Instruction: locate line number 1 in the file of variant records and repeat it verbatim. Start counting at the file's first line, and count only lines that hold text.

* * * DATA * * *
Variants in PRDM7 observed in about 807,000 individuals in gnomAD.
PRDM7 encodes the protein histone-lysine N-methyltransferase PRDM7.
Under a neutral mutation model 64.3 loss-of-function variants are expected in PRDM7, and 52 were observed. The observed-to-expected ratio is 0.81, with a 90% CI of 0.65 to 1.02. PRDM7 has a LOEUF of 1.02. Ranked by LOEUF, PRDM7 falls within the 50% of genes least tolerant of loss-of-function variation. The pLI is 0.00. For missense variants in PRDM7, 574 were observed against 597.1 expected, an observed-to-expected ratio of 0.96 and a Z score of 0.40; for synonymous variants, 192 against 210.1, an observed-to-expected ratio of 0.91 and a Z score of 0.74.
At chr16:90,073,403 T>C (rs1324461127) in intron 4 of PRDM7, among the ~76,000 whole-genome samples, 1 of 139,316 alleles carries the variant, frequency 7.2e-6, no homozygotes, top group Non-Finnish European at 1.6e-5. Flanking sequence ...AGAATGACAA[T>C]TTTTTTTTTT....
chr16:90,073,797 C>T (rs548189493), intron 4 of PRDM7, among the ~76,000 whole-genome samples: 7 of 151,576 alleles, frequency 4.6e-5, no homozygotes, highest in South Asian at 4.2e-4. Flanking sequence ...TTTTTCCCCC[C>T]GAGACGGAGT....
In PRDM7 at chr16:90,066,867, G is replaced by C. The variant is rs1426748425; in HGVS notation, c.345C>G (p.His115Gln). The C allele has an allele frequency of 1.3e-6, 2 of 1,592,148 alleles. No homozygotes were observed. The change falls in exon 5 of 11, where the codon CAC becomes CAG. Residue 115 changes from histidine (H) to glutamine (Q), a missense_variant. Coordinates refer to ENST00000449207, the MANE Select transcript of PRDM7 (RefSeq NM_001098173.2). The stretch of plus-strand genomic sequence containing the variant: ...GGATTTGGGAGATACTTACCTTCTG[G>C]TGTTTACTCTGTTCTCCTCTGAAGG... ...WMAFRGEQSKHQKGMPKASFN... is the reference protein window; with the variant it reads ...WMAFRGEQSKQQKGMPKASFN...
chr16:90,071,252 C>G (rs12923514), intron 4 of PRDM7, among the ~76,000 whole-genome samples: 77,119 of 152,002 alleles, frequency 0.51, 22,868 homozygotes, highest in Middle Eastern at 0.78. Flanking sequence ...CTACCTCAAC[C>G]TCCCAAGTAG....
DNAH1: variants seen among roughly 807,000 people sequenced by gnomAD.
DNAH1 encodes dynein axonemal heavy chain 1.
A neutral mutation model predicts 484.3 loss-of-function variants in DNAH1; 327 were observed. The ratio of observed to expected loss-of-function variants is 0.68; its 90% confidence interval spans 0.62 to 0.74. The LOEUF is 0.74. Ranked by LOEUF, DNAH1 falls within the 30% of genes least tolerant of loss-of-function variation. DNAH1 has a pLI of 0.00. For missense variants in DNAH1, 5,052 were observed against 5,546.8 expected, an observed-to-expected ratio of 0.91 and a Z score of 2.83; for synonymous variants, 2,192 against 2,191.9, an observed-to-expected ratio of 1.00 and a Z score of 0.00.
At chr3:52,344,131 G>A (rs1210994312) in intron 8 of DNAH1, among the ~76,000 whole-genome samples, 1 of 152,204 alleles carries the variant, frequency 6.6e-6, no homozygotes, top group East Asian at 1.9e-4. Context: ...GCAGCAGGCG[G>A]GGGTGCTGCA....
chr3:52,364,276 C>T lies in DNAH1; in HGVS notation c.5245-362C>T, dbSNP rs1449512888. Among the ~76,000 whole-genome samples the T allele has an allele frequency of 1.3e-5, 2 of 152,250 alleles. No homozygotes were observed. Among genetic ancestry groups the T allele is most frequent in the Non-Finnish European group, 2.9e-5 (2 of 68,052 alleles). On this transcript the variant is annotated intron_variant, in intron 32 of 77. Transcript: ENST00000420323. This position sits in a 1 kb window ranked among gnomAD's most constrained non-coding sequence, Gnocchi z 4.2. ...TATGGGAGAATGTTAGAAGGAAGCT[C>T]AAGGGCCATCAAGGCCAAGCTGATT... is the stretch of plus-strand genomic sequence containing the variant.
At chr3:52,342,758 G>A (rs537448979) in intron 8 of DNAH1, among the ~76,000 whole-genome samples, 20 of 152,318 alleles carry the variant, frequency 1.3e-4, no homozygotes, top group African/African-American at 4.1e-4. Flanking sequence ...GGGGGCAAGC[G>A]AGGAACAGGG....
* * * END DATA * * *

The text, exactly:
Variants in PRDM7 observed in about 807,000 individuals in gnomAD.